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Upcoming Events

Mobile Application Security - Insights from a Penetration Tester

At Securus Global we have been seeing an increase in the security testing of mobile applications.

If you have deployed, are developing, or looking at mobile applications for your enterprise and/or your clients, come and join one of our upcoming Mobile Application Security Briefings.

These sessions will provide you with valuable insights from our perspective and experiences of performing security testing against mobile applications for Australian and International corporates. The sessions will also provide you with networking opportunities to discuss and share information with other peers from a wide range of industries.

  • Sydney - Tues 2nd Oct @ 4pm
  • Melbourne - Tues 9th Oct @ 4pm

For more information or to RSVP email:

Featured Services This Month

Mobile Application Security:

Having been quick to embrace the latest-generation mobile technologies, Securus Global has several years experience in iPhone and Android security testing. Over the years, we have undertaken penetration tests of mobile applications from a variety of sectors, including major Australian financial institutions and media companies whose business depends on the security of their data.

To find out more about how we can help you identify risks and ensure that your mobile application and associated data are not compromised, visit:

SG Crowd - Team Blog Post

It has been quite a busy month down at the SG Community. Here are a few of the most popular posts.

Remember you can also Connect to us on LinkedIn and Subscribe to the SG Community to see new posts as they are posted.

How to: Intercept iPhone and iPad SSL connections that require a valid SSL certificate:

With the rising popularity of iPhone and iPad devices, we are running into more and more applications which require a valid SSL certificate for all connections. In order to properly assess the security of these applications, we need to intercept the SSL connections they make. This post shows our technique for doing this. Read More...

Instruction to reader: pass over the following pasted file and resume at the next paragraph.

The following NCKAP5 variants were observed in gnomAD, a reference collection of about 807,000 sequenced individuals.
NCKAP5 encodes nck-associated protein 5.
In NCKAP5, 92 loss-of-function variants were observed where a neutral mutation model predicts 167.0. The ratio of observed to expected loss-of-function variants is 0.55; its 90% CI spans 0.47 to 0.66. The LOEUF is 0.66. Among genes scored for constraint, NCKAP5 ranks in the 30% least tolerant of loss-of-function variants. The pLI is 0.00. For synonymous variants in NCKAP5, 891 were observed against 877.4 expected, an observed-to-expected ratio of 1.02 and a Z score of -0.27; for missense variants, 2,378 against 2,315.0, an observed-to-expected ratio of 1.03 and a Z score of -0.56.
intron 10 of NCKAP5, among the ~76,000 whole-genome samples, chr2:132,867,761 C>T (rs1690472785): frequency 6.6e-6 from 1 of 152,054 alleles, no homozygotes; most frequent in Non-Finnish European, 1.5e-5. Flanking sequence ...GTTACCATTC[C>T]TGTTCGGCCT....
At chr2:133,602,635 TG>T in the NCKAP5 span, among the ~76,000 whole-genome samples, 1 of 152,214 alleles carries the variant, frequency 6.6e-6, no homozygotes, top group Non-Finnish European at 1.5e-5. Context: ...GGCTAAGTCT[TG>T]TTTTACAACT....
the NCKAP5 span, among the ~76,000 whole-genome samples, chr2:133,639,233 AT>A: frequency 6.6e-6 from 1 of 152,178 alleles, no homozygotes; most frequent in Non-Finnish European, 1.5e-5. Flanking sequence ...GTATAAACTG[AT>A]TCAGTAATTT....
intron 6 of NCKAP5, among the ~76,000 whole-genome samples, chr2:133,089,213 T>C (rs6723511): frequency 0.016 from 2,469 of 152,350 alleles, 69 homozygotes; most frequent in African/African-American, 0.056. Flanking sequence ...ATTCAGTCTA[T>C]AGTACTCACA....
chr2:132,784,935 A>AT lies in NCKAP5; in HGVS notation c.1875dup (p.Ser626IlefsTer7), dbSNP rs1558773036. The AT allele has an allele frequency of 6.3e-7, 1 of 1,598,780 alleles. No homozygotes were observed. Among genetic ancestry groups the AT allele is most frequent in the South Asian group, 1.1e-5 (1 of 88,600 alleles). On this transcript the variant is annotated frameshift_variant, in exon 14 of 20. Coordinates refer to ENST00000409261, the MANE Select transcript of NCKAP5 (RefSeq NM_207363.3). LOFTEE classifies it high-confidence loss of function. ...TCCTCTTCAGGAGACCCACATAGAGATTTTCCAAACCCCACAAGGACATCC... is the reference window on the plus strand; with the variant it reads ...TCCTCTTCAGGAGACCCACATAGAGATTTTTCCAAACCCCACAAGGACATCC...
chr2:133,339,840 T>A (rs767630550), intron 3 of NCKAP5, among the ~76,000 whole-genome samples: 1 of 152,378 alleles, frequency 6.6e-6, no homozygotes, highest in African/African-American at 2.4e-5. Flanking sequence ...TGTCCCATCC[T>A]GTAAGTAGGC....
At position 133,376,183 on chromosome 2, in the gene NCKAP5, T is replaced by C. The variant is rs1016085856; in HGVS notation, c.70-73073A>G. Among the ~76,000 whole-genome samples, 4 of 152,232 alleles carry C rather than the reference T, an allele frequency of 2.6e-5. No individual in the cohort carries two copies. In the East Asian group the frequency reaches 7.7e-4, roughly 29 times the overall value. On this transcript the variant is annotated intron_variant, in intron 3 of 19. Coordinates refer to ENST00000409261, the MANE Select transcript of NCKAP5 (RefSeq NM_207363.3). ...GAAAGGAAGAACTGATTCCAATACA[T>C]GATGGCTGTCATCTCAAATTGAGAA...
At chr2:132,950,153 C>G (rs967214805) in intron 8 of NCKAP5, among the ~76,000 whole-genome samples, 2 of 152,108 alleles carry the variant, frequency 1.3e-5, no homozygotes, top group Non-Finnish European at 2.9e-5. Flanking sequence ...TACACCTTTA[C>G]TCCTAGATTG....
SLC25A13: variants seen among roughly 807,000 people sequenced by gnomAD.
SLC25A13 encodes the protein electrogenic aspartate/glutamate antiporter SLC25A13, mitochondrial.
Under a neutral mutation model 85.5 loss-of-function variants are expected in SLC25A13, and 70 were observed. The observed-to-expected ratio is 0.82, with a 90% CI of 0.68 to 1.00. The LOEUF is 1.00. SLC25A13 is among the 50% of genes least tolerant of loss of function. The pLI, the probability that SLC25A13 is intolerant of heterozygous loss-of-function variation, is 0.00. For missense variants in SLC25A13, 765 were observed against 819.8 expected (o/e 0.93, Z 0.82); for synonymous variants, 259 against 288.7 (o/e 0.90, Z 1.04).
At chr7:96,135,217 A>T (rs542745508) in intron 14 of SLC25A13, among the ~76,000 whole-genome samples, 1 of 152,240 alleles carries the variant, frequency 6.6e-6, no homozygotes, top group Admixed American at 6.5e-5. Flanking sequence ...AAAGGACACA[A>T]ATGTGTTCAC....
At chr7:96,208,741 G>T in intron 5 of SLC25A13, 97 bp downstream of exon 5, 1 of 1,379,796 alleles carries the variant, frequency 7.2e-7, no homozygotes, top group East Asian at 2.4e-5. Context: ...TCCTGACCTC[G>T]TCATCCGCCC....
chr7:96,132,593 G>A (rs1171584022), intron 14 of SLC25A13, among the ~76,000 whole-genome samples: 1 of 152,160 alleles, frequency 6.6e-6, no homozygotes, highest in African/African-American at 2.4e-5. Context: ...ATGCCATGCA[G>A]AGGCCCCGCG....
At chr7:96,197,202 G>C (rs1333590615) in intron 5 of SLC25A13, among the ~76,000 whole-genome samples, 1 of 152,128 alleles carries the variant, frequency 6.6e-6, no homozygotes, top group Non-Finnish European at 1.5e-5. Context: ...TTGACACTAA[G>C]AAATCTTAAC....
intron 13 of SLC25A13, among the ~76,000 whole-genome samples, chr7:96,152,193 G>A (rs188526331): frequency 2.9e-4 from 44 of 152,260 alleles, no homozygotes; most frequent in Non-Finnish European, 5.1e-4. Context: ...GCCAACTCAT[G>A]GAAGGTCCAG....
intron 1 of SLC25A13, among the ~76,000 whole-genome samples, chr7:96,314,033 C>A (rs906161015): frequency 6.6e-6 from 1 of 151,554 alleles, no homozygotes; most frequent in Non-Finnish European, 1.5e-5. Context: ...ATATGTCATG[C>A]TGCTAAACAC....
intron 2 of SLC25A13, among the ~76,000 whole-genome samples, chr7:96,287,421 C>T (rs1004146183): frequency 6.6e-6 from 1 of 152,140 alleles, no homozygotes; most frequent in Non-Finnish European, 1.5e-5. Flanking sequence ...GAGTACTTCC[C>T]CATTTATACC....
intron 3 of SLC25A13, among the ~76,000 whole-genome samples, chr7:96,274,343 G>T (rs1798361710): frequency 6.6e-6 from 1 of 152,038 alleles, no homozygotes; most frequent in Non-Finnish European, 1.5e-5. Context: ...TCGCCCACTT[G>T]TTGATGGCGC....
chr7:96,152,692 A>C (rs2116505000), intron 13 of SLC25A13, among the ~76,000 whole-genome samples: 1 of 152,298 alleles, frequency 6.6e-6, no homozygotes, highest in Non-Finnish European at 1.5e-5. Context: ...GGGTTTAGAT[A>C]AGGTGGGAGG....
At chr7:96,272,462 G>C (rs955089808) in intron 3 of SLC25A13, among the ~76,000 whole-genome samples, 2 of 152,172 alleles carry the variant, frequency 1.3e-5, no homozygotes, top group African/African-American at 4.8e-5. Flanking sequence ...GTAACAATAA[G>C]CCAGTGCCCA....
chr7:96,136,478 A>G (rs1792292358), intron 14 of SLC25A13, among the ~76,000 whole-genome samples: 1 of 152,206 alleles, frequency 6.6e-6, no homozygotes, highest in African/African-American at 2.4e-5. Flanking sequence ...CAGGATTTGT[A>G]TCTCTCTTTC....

HTTPS in Abrupt:

For any of you who have ever played with the Android emulator, you may have noticed the following hiccup: when trying to establish an HTTPS connection – the browser tries to connect to the IP address of the server, rather than its FQDN. Even though in normal usage this is not a problem, it might still create some trouble when using classic HTTPS proxies (e.g. when performing security testing of an application). Read More...

If i had a dollar... (part 2):

After a too long hiatus, our popular list of things that we see go wrong on a regular basis is back. As I’m sat here writing this, I’ve obviously not had a dollar for every time that I’ve heard the following. I can only hope…

“An attacker wouldn’t know that”. Attackers are sneaky people. They generally know more than you think, and unfortunately for those defending against them they have time on their side. With enough effort and desire to compromise something, an attacker will know what they need to.

For more penetration and security myths

Industry Roundup

On 5th September, Tripwire announced three coordinated, crucial product enhancements that work as an integrated solution and enable organizations to dynamically connect IT security to the businesses and missions it serves. The new versions of Tripwire Enterprise, Tripwire Log Center, and Tripwire VIA Data Mart work together to help C-level executives and board members understand, assess and manage their organization’s security posture while enhancing the industry-leading products. For more information please contact us or visit our website on

Introduction to AppArmor

The researchers at Azimuth recently released a new blog post on some common pitfalls in relation to AppArmor, which we found to be of interest. Below is the start of the article;

AppArmor is a path-based Mandatory Access Control (MAC) system implemented as a Linux Security Module (LSM) that allows administrators to define per-application profiles that restrict access to system resources. It's designed to be a "build-your-own-sandbox" solution with a policy language that is both flexible and easy to audit. AppArmor is part of the mainline Linux kernel, and both SUSE and Ubuntu (and their variants) enable profiles for several perceived high-risk binaries, including both services and client applications. Read More...